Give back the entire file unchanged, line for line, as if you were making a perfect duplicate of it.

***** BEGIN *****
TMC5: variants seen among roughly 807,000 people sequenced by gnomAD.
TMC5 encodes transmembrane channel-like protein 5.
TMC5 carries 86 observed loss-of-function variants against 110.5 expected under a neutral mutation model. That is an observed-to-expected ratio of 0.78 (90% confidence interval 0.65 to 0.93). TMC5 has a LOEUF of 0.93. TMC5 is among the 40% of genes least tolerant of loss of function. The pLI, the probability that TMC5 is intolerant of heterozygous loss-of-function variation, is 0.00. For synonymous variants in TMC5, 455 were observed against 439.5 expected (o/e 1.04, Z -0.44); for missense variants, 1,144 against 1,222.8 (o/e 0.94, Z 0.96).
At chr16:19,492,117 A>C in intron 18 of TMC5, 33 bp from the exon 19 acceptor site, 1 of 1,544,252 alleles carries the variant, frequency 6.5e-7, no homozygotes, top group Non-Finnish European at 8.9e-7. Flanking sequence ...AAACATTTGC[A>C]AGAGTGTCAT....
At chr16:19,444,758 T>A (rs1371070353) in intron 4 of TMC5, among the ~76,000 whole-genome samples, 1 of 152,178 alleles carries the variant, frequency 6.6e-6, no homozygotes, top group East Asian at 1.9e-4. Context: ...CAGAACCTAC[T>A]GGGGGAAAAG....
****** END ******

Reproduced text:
TMC5: variants seen among roughly 807,000 people sequenced by gnomAD.
TMC5 encodes transmembrane channel-like protein 5.
TMC5 carries 86 observed loss-of-function variants against 110.5 expected under a neutral mutation model. That is an observed-to-expected ratio of 0.78 (90% confidence interval 0.65 to 0.93). TMC5 has a LOEUF of 0.93. TMC5 is among the 40% of genes least tolerant of loss of function. The pLI, the probability that TMC5 is intolerant of heterozygous loss-of-function variation, is 0.00. For synonymous variants in TMC5, 455 were observed against 439.5 expected (o/e 1.04, Z -0.44); for missense variants, 1,144 against 1,222.8 (o/e 0.94, Z 0.96).
At chr16:19,492,117 A>C in intron 18 of TMC5, 33 bp from the exon 19 acceptor site, 1 of 1,544,252 alleles carries the variant, frequency 6.5e-7, no homozygotes, top group Non-Finnish European at 8.9e-7. Flanking sequence ...AAACATTTGC[A>C]AGAGTGTCAT....
At chr16:19,444,758 T>A (rs1371070353) in intron 4 of TMC5, among the ~76,000 whole-genome samples, 1 of 152,178 alleles carries the variant, frequency 6.6e-6, no homozygotes, top group East Asian at 1.9e-4. Context: ...CAGAACCTAC[T>A]GGGGGAAAAG....